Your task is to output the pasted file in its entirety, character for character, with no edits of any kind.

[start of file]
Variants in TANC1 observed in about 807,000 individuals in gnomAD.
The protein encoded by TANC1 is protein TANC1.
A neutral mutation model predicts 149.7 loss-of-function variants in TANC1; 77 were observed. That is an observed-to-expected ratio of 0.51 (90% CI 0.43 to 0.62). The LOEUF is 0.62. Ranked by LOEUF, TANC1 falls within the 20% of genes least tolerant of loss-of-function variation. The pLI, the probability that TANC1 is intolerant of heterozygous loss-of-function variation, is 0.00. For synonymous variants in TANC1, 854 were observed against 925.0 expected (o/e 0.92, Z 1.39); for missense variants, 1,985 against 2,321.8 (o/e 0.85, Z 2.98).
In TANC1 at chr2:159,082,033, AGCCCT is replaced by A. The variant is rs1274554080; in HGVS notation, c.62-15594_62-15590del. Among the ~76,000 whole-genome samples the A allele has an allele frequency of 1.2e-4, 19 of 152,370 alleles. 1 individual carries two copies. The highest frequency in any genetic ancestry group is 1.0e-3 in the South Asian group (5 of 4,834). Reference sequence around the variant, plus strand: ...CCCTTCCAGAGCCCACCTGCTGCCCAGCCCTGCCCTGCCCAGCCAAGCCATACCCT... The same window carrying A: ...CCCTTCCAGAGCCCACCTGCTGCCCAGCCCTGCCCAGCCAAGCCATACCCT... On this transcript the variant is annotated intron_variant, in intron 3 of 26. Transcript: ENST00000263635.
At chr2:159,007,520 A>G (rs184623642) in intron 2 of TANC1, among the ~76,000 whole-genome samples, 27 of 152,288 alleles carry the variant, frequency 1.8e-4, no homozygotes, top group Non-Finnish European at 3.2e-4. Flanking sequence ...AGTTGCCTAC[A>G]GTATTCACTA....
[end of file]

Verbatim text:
Variants in TANC1 observed in about 807,000 individuals in gnomAD.
The protein encoded by TANC1 is protein TANC1.
A neutral mutation model predicts 149.7 loss-of-function variants in TANC1; 77 were observed. That is an observed-to-expected ratio of 0.51 (90% CI 0.43 to 0.62). The LOEUF is 0.62. Ranked by LOEUF, TANC1 falls within the 20% of genes least tolerant of loss-of-function variation. The pLI, the probability that TANC1 is intolerant of heterozygous loss-of-function variation, is 0.00. For synonymous variants in TANC1, 854 were observed against 925.0 expected (o/e 0.92, Z 1.39); for missense variants, 1,985 against 2,321.8 (o/e 0.85, Z 2.98).
In TANC1 at chr2:159,082,033, AGCCCT is replaced by A. The variant is rs1274554080; in HGVS notation, c.62-15594_62-15590del. Among the ~76,000 whole-genome samples the A allele has an allele frequency of 1.2e-4, 19 of 152,370 alleles. 1 individual carries two copies. The highest frequency in any genetic ancestry group is 1.0e-3 in the South Asian group (5 of 4,834). Reference sequence around the variant, plus strand: ...CCCTTCCAGAGCCCACCTGCTGCCCAGCCCTGCCCTGCCCAGCCAAGCCATACCCT... The same window carrying A: ...CCCTTCCAGAGCCCACCTGCTGCCCAGCCCTGCCCAGCCAAGCCATACCCT... On this transcript the variant is annotated intron_variant, in intron 3 of 26. Transcript: ENST00000263635.
At chr2:159,007,520 A>G (rs184623642) in intron 2 of TANC1, among the ~76,000 whole-genome samples, 27 of 152,288 alleles carry the variant, frequency 1.8e-4, no homozygotes, top group Non-Finnish European at 3.2e-4. Flanking sequence ...AGTTGCCTAC[A>G]GTATTCACTA....